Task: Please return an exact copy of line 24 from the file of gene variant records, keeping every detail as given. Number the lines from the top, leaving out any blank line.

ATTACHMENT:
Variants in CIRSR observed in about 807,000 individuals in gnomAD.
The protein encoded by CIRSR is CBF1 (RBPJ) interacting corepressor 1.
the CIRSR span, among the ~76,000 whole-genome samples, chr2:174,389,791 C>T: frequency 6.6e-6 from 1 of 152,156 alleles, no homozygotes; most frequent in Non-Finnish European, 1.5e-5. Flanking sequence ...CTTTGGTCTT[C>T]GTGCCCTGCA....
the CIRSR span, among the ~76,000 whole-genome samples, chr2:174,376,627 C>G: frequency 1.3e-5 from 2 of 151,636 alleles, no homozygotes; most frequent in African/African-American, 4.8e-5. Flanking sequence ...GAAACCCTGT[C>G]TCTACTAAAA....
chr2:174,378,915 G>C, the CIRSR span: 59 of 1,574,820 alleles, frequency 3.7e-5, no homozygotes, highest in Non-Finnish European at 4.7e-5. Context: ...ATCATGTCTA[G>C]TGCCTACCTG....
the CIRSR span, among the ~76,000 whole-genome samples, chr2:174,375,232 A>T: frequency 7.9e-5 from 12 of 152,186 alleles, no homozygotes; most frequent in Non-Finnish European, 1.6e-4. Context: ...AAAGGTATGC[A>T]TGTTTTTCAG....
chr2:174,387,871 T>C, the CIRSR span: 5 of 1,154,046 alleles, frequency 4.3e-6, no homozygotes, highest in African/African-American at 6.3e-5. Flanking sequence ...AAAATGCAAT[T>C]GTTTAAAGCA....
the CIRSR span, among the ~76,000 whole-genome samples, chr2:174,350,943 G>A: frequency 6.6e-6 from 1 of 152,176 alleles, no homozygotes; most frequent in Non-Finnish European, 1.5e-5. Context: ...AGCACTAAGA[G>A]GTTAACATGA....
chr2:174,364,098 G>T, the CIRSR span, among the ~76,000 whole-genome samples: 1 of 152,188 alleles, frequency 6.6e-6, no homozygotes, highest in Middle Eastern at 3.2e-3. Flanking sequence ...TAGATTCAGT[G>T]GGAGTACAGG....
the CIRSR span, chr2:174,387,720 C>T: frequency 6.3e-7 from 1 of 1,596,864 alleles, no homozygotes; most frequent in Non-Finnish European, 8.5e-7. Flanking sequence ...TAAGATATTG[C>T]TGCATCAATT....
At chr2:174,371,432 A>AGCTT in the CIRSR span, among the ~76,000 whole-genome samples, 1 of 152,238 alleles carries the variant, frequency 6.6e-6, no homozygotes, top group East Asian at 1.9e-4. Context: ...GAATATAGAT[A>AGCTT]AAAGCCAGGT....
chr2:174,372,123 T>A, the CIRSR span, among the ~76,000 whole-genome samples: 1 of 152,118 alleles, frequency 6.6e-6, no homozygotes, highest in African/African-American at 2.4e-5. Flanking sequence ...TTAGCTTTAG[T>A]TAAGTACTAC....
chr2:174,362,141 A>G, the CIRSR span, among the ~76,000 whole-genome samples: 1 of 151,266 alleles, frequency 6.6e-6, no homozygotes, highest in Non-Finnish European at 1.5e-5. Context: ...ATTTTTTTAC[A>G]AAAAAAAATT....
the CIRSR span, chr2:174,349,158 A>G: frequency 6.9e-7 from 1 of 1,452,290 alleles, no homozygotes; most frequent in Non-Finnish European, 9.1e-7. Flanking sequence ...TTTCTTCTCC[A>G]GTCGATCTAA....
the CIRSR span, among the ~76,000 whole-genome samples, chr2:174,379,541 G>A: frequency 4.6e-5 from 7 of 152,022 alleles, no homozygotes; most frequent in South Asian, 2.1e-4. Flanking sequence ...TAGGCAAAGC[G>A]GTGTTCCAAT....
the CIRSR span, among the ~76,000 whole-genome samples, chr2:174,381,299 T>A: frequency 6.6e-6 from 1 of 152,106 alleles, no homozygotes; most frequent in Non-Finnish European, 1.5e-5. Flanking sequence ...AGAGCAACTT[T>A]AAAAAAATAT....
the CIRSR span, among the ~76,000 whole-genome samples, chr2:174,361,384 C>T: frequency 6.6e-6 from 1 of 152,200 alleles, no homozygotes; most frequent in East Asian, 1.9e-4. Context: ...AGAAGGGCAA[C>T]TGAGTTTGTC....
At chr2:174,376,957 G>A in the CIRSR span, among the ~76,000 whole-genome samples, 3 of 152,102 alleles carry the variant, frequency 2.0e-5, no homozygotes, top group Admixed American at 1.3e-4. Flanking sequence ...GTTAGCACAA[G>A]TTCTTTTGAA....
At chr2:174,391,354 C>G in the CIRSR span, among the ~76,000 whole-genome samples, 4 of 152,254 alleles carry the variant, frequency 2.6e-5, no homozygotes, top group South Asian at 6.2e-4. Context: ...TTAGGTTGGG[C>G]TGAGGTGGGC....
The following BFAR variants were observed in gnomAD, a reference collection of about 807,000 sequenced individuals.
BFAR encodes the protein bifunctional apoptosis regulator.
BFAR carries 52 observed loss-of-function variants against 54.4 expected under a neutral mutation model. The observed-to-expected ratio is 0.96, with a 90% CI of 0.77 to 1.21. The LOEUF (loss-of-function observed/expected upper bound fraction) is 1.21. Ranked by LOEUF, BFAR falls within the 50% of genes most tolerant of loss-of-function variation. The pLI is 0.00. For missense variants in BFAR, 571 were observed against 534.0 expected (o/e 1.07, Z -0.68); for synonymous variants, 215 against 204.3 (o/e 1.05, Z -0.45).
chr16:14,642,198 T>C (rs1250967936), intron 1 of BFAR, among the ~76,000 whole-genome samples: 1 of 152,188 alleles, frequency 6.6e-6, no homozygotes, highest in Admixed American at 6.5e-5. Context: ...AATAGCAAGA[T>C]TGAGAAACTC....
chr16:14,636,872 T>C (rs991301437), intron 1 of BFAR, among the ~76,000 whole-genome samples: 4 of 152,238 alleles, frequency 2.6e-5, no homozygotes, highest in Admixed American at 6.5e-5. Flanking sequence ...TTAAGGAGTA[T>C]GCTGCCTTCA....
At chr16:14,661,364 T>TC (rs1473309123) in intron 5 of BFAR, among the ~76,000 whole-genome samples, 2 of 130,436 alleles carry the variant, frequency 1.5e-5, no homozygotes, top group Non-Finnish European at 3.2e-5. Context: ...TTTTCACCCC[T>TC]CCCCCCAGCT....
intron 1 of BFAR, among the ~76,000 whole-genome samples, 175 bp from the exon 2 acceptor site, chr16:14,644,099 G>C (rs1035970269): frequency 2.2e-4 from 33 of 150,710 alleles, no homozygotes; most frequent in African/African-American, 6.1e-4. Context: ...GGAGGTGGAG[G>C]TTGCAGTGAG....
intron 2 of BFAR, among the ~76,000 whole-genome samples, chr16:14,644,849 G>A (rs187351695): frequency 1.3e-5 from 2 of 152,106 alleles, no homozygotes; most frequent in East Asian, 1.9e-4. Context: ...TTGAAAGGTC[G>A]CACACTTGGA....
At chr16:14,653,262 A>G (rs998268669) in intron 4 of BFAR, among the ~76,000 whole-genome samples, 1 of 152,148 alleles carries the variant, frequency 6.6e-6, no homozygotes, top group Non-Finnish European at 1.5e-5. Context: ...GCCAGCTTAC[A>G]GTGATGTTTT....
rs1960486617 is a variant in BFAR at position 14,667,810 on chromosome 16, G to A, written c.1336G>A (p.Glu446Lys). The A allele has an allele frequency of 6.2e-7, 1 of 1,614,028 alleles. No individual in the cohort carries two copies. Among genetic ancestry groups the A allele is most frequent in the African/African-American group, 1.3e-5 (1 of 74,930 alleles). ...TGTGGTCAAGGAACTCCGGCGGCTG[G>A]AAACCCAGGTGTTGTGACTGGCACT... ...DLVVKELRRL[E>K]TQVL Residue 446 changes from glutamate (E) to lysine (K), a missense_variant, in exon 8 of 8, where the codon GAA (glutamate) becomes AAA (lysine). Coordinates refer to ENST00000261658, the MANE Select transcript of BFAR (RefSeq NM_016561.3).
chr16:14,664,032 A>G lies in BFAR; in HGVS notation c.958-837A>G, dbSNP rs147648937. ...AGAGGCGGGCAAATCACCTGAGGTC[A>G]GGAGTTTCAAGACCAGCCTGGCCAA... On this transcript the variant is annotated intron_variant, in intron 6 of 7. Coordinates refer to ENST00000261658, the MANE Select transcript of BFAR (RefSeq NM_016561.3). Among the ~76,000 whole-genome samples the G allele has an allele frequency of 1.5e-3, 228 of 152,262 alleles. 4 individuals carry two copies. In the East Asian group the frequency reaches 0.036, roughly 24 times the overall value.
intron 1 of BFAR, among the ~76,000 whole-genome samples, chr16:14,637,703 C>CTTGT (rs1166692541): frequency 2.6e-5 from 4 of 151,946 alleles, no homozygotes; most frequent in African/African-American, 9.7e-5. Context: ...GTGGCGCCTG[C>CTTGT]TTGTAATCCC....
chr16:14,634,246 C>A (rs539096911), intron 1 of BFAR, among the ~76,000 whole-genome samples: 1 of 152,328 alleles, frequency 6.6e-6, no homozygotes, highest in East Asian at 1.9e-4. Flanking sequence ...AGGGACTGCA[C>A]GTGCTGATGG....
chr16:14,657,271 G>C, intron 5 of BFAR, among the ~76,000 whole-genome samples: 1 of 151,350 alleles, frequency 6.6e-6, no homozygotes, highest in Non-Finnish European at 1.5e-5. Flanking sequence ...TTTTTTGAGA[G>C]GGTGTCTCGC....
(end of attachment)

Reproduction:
chr16:14,636,872 T>C (rs991301437), intron 1 of BFAR, among the ~76,000 whole-genome samples: 4 of 152,238 alleles, frequency 2.6e-5, no homozygotes, highest in Admixed American at 6.5e-5. Flanking sequence ...TTAAGGAGTA[T>C]GCTGCCTTCA....